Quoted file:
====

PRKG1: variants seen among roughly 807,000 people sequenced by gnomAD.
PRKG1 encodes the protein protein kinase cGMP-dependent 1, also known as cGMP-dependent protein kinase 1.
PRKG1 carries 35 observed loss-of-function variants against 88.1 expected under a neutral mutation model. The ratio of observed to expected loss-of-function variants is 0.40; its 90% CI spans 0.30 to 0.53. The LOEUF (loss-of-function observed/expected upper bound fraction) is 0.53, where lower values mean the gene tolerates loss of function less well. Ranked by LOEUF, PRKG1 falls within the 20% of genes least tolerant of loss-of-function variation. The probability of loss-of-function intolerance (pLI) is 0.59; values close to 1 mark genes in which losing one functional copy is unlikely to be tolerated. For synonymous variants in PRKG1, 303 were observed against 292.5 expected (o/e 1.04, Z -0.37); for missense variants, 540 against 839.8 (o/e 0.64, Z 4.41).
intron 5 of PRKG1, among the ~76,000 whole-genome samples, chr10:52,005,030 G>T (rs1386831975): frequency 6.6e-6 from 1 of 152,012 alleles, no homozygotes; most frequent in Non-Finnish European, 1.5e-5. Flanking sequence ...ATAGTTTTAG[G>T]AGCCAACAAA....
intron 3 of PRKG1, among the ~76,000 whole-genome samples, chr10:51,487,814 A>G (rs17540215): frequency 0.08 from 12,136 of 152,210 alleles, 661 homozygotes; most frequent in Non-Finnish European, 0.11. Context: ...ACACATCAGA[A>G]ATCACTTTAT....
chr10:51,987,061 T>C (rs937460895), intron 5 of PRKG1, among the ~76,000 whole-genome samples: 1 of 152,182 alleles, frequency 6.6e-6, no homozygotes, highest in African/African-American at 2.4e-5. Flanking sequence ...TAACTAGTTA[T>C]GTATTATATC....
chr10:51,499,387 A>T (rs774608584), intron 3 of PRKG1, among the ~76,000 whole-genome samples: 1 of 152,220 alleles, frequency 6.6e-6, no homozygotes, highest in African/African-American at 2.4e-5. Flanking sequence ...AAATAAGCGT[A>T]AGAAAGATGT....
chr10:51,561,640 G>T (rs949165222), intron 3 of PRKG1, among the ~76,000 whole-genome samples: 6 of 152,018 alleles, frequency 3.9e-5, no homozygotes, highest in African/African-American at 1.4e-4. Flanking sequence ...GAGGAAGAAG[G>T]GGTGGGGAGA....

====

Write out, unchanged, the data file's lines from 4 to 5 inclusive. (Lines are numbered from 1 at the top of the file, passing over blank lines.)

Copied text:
intron 5 of PRKG1, among the ~76,000 whole-genome samples, chr10:52,005,030 G>T (rs1386831975): frequency 6.6e-6 from 1 of 152,012 alleles, no homozygotes; most frequent in Non-Finnish European, 1.5e-5. Flanking sequence ...ATAGTTTTAG[G>T]AGCCAACAAA....
intron 3 of PRKG1, among the ~76,000 whole-genome samples, chr10:51,487,814 A>G (rs17540215): frequency 0.08 from 12,136 of 152,210 alleles, 661 homozygotes; most frequent in Non-Finnish European, 0.11. Context: ...ACACATCAGA[A>G]ATCACTTTAT....